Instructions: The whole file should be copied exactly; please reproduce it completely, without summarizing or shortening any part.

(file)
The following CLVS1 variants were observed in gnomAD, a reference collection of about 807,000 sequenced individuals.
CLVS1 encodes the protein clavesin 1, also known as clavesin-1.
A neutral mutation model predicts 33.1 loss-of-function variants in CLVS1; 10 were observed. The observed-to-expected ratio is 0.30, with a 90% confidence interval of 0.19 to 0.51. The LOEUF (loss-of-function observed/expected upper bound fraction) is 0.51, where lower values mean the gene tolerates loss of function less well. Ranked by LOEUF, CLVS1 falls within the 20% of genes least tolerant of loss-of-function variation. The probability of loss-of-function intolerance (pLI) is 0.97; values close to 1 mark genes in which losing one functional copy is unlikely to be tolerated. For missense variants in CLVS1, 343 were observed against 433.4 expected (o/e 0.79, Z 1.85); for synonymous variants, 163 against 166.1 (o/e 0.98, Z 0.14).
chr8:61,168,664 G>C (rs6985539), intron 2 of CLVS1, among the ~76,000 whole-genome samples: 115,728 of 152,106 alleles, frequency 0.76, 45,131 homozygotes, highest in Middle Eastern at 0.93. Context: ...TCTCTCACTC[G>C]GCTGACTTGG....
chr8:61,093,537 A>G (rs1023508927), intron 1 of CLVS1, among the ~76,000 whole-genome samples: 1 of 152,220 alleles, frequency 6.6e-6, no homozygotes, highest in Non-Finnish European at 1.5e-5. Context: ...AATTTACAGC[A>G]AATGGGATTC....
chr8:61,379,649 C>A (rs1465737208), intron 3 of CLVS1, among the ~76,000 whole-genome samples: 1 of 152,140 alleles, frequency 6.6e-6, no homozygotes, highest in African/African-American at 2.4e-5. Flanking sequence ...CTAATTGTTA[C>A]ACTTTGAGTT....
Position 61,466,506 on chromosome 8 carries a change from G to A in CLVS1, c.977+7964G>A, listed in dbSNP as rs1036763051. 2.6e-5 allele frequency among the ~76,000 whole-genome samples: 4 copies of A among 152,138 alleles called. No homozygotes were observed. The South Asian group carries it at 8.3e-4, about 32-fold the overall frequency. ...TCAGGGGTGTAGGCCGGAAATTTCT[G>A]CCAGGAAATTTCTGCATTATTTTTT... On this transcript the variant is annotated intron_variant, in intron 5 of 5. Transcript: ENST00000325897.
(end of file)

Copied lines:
The following CLVS1 variants were observed in gnomAD, a reference collection of about 807,000 sequenced individuals.
CLVS1 encodes the protein clavesin 1, also known as clavesin-1.
A neutral mutation model predicts 33.1 loss-of-function variants in CLVS1; 10 were observed. The observed-to-expected ratio is 0.30, with a 90% confidence interval of 0.19 to 0.51. The LOEUF (loss-of-function observed/expected upper bound fraction) is 0.51, where lower values mean the gene tolerates loss of function less well. Ranked by LOEUF, CLVS1 falls within the 20% of genes least tolerant of loss-of-function variation. The probability of loss-of-function intolerance (pLI) is 0.97; values close to 1 mark genes in which losing one functional copy is unlikely to be tolerated. For missense variants in CLVS1, 343 were observed against 433.4 expected (o/e 0.79, Z 1.85); for synonymous variants, 163 against 166.1 (o/e 0.98, Z 0.14).
chr8:61,168,664 G>C (rs6985539), intron 2 of CLVS1, among the ~76,000 whole-genome samples: 115,728 of 152,106 alleles, frequency 0.76, 45,131 homozygotes, highest in Middle Eastern at 0.93. Context: ...TCTCTCACTC[G>C]GCTGACTTGG....
chr8:61,093,537 A>G (rs1023508927), intron 1 of CLVS1, among the ~76,000 whole-genome samples: 1 of 152,220 alleles, frequency 6.6e-6, no homozygotes, highest in Non-Finnish European at 1.5e-5. Context: ...AATTTACAGC[A>G]AATGGGATTC....
chr8:61,379,649 C>A (rs1465737208), intron 3 of CLVS1, among the ~76,000 whole-genome samples: 1 of 152,140 alleles, frequency 6.6e-6, no homozygotes, highest in African/African-American at 2.4e-5. Flanking sequence ...CTAATTGTTA[C>A]ACTTTGAGTT....
Position 61,466,506 on chromosome 8 carries a change from G to A in CLVS1, c.977+7964G>A, listed in dbSNP as rs1036763051. 2.6e-5 allele frequency among the ~76,000 whole-genome samples: 4 copies of A among 152,138 alleles called. No homozygotes were observed. The South Asian group carries it at 8.3e-4, about 32-fold the overall frequency. ...TCAGGGGTGTAGGCCGGAAATTTCT[G>A]CCAGGAAATTTCTGCATTATTTTTT... On this transcript the variant is annotated intron_variant, in intron 5 of 5. Transcript: ENST00000325897.